We’ve seen that God claims the land as his own and he gave it to the descendants of Abraham, Isaac, and Jacob as a gift, an everlasting inheritance. Now let’s identify the land’s boundaries, so we know what land belongs to Israel, according to the Bible.
“On that day the Lord made a covenant with Abram and said, ‘To your descendants I give this land, from the river of Egypt to the great river, the Euphrates — the land of the Kenites, Kenizzites, Kadmonites, Hittites, Perizzites, Rephaites, Amorites, Canaanites, Girgashites and Jebusites.’” (Gen 15:18-21)
Most of these peoples lived in Canaan, between the Mediterranean Sea and the Jordan River. The Hittite kingdom was primarily in what is Turkey today, but they also occupied land in northern Canaan. Two and a half tribes of Israel chose to remain east of the Jordan, and they conquered the land of the Amorites and Rephaites. That portion of land would not be included in the “promised land” (Num 34, below), but God knew the people coming out of Egypt would want it and included it in the list he gave Abraham; that is, God honored their choice more than 400 years before they made it.
Notice the reference to the Euphrates River as “the great river.” The Euphrates is the longest river of Western Asia, at 1,780 miles long. Verse 18 also refers to the “river of Egypt.” The Hebrew word translated “river” is the same in both cases and could apply to any flowing body of water, including a small stream. Could “the river of Egypt” be the Nile River? The Nile is the longest river in the world, at 4,160 miles long; more than twice the length of the Euphrates. But if “the river of Egypt” referred to the Nile, then the Euphrates would hardly be considered “the great river” by comparison. Traditionally, the “river of Egypt” is a small stream on the boundary between Israel and the Sinai Peninsula; the Wadi Al-Arish, which empties into the Mediterranean south of Gaza. As further evidence this doesn’t refer to the Nile, Genesis 15 doesn’t include “the land of the Egyptians.”
Genesis 15 includes the description God gave Abraham. The following passage includes the description God gave Moses after he led the Israelites out of Egypt, more than 400 years later.
The Lord said to Moses, “Command the Israelites and say to them: ‘When you enter Canaan, the land that will be allotted to you as an inheritance will have these boundaries:
“‘Your southern side will include some of the Desert of Zin along the border of Edom. On the east, your southern boundary will start from the end of the Salt Sea, cross south of Scorpion Pass, continue on to Zin and go south of Kadesh Barnea. Then it will go to Hazar Addar and over to Azmon, where it will turn, join the Wadi of Egypt and end at the Sea.
“‘Your western boundary will be the coast of the Great Sea. This will be your boundary on the west.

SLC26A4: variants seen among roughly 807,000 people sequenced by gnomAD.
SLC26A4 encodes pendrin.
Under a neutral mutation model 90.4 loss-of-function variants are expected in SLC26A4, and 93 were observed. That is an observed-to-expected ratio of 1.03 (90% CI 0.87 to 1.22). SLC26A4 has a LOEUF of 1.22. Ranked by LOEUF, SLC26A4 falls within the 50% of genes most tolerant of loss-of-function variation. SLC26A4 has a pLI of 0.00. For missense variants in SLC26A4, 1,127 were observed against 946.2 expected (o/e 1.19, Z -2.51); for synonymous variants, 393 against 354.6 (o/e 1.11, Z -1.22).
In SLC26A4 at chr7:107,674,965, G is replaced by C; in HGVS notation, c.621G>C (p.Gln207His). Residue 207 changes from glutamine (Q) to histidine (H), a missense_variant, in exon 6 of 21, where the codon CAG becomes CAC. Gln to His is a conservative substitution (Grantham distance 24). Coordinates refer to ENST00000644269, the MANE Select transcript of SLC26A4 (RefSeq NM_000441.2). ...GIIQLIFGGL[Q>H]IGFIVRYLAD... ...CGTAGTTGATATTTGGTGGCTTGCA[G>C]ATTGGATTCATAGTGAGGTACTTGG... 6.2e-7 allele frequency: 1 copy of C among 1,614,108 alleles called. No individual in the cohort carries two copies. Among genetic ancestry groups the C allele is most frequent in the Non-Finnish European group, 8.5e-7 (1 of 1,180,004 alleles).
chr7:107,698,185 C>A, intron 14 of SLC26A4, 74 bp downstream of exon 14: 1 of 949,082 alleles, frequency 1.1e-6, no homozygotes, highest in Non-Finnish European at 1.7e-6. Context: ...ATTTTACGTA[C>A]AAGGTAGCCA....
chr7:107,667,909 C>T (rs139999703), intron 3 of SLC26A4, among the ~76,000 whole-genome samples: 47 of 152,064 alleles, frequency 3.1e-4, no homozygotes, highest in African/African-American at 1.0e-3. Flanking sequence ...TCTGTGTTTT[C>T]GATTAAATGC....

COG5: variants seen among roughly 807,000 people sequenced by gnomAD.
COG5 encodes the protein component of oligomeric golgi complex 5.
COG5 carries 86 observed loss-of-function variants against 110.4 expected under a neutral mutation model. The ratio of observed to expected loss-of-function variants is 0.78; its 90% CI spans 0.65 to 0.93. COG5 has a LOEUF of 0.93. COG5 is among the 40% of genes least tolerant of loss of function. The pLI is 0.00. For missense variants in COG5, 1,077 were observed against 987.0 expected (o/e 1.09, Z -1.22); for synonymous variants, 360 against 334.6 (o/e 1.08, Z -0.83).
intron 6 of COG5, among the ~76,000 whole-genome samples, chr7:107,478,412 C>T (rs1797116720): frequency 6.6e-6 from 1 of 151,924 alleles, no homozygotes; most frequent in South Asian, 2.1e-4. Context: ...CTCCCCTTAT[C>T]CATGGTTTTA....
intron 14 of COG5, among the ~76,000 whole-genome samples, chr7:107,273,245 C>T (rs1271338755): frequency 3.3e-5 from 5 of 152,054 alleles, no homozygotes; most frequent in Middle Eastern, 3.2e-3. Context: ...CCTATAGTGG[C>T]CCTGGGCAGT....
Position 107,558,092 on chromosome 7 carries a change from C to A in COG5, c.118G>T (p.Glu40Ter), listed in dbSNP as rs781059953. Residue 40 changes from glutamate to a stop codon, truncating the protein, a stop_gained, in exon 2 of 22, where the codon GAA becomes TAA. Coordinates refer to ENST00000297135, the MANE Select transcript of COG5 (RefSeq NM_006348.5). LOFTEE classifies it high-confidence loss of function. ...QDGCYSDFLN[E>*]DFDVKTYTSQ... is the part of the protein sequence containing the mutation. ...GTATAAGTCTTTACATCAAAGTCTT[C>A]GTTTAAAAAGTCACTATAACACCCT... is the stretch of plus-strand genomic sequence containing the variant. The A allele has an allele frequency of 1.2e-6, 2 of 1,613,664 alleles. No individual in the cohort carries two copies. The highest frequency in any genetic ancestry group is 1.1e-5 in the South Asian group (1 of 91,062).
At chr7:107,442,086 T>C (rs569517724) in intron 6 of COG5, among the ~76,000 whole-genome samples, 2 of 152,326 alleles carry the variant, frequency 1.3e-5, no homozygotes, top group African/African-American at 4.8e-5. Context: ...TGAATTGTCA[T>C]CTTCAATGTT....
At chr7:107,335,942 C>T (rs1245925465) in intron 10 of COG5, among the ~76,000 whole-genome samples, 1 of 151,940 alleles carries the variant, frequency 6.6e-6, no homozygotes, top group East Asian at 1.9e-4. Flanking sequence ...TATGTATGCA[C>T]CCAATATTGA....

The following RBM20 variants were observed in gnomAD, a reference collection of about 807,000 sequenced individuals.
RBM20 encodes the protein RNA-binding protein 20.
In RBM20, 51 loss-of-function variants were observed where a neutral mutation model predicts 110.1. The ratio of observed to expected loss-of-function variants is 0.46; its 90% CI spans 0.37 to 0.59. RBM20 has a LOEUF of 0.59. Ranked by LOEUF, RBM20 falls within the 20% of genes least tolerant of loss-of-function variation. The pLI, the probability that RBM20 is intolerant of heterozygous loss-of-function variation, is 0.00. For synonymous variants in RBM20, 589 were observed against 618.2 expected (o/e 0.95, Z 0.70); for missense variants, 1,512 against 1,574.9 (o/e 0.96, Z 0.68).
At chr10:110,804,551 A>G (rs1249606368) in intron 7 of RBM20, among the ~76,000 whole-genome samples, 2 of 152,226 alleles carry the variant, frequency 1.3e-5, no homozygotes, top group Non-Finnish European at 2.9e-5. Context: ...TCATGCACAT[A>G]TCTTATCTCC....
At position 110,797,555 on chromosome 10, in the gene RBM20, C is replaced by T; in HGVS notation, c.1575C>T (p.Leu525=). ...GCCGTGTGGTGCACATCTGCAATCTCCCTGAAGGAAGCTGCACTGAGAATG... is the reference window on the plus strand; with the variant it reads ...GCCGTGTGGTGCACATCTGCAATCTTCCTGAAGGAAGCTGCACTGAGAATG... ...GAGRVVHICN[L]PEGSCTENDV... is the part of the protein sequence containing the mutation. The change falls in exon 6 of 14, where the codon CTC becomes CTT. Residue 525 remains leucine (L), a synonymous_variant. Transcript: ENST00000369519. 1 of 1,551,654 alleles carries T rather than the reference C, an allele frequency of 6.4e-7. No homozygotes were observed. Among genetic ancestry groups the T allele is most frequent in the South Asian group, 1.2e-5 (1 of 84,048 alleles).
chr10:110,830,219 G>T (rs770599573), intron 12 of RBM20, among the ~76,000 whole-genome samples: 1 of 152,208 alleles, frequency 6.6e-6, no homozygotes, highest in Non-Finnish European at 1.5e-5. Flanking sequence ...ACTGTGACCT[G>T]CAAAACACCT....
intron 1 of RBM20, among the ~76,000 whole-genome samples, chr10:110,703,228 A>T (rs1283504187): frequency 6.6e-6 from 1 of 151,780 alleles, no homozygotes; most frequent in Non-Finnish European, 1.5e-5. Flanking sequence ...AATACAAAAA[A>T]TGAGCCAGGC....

“‘For your northern boundary, run a line from the Great Sea to Mount Hor and from Mount Hor to Lebo Hamath. Then the boundary will go to Zedad, continue to Ziphron and end at Hazar Enan. This will be your boundary on the north.
“‘For your eastern boundary, run a line from Hazar Enan to Shepham. The boundary will go down from Shepham to Riblah on the east side of Ain and continue along the slopes east of the Sea of Kinnereth. Then the boundary will go down along the Jordan and end at the Salt Sea.
“‘This will be your land, with its boundaries on every side.’” (Num 34:1-12)
This describes the Promised Land God gave the Israelites and identifies the landmarks and cities along its borders. This is the land God promised Abraham, Isaac, and Jacob as an everlasting inheritance for their descendants. Notice verse 5 states the southern boundary follows “the Wadi of Egypt” and ends at the Sea; the Mediterranean Sea. It’s significant the northern part of the Promised Land includes what today is southern Lebanon and a large part of modern Syria.
A third description appears in Ezekiel 47:15-20, but based on the context, it applies to the era after the Magog invasion (Ezek 38-39), when Jesus returns to earth to rule from Jerusalem for 1000 years. Ezekiel 40 through 48 contains detailed descriptions of the new Temple, sacrifices, boundaries of the land, and division of the land among the twelve tribes of Israel after the Magog invasion. Therefore, we can conclude this description of the land is future, not relevant today.
The land God claimed as his own and promised to the descendants of Abraham, Isaac, and Jacob also was known as the Promised Land by the Israelites when they left Egypt. As we have seen, it included all the land from the Mediterranean Sea to the Jordan River, from the area west of the Dead Sea in the south to portions of Lebanon and Syria in the north.
In other words, the Promised Land included what we call the Gaza Strip, the West Bank, and the Golan Heights; plus parts of Lebanon and Syria.
This means that any designation of a Palestinian state west of the Jordan River officially divides what God calls his land. As quoted in Joel 3:2, God states that any nation involved in dividing his land will receive his judgment.
From a biblical perspective — that is, from God’s perspective — all the land belongs to God and Israel.